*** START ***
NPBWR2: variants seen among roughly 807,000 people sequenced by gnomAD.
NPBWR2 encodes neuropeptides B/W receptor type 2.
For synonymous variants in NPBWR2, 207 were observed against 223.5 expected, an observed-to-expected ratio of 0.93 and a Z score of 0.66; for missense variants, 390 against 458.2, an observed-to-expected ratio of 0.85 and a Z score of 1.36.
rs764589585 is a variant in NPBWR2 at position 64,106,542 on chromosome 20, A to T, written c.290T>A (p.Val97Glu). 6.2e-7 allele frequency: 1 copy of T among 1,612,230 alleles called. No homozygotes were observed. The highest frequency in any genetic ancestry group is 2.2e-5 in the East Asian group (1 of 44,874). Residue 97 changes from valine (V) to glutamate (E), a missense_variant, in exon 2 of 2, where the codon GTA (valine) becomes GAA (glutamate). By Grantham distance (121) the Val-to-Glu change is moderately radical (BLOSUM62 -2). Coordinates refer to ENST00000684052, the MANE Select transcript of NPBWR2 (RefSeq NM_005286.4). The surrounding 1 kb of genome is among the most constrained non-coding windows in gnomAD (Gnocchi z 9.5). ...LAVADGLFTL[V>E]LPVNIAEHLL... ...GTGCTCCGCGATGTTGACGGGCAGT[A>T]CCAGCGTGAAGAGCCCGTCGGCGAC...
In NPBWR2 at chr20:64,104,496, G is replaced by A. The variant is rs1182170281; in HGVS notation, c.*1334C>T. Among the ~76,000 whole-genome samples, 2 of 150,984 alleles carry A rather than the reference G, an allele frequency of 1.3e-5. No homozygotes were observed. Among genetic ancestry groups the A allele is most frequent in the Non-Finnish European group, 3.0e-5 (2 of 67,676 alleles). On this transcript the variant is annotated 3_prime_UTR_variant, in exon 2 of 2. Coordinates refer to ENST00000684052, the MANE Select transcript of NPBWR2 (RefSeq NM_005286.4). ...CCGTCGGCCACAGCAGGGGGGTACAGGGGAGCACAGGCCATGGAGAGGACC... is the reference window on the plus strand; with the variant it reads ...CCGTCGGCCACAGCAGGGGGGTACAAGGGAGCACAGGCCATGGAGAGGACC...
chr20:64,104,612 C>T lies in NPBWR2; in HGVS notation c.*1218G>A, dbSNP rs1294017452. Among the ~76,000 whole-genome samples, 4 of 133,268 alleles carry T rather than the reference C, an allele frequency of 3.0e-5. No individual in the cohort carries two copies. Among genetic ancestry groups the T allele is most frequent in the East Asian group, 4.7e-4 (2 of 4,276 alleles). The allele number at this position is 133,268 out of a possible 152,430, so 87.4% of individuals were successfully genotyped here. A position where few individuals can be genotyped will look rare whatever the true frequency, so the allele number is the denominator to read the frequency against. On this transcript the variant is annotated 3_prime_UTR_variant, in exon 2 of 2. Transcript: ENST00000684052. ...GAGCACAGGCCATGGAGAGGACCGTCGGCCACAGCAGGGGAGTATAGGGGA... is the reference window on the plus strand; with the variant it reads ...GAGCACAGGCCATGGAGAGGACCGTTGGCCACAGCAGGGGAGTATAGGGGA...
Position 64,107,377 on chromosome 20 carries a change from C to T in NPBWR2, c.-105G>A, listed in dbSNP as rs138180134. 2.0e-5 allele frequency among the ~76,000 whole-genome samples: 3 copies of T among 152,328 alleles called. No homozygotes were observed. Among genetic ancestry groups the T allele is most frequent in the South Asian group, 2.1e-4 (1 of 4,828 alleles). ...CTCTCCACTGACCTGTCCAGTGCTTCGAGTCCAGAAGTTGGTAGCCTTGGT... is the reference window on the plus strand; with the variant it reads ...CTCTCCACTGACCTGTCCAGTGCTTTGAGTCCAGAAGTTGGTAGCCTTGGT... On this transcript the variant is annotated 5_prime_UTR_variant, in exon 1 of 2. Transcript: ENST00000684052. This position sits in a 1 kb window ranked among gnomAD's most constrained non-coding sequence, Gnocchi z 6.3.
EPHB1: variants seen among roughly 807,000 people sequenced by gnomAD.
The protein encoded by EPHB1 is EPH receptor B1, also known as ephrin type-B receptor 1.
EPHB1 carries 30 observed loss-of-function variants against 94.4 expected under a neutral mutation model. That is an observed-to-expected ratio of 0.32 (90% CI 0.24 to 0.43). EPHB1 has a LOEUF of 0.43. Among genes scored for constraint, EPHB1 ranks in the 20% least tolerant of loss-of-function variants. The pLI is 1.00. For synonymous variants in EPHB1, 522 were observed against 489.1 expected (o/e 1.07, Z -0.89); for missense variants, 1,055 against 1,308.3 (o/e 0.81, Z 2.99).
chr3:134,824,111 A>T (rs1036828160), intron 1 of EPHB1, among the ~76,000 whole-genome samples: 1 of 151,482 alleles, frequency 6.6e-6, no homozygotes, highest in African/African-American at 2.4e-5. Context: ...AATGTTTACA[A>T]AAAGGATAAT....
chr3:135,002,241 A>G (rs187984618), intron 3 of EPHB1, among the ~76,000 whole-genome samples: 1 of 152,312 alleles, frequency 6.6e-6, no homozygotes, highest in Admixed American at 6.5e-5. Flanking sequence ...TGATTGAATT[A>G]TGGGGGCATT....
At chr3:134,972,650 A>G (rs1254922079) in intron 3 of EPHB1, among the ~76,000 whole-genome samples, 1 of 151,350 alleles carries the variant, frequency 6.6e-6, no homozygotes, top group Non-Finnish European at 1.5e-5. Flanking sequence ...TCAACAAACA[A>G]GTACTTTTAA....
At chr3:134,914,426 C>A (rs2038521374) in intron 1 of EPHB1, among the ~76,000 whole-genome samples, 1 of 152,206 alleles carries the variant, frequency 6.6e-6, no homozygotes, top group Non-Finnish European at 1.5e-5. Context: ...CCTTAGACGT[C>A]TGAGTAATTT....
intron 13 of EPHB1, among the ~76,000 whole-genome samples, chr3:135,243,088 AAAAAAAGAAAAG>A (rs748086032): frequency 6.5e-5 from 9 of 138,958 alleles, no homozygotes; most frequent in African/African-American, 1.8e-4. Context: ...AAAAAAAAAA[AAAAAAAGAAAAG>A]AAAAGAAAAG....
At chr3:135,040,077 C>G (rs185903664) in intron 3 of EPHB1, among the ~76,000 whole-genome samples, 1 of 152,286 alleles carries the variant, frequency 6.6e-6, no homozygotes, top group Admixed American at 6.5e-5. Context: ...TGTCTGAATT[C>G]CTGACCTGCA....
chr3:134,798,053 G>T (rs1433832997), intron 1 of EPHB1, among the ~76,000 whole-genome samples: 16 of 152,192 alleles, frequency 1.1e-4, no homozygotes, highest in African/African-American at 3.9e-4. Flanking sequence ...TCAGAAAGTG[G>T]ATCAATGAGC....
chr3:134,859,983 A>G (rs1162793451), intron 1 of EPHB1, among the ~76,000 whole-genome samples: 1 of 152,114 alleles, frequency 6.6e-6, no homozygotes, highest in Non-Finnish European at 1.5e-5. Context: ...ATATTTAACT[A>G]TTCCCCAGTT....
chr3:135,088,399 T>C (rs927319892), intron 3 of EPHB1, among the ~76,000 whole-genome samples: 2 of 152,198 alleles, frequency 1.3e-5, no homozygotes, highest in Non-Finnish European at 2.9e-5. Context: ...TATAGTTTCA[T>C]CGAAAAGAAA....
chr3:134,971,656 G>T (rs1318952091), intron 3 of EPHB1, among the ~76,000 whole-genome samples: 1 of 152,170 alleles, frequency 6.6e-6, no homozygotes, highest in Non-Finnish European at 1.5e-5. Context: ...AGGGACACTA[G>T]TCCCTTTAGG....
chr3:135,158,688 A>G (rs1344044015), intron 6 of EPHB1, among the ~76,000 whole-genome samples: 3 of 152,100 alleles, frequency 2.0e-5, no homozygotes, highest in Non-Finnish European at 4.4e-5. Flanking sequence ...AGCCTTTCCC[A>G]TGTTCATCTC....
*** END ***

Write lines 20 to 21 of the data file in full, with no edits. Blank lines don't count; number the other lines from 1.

chr3:134,971,656 G>T (rs1318952091), intron 3 of EPHB1, among the ~76,000 whole-genome samples: 1 of 152,170 alleles, frequency 6.6e-6, no homozygotes, highest in Non-Finnish European at 1.5e-5. Context: ...AGGGACACTA[G>T]TCCCTTTAGG....
chr3:135,158,688 A>G (rs1344044015), intron 6 of EPHB1, among the ~76,000 whole-genome samples: 3 of 152,100 alleles, frequency 2.0e-5, no homozygotes, highest in Non-Finnish European at 4.4e-5. Flanking sequence ...AGCCTTTCCC[A>G]TGTTCATCTC....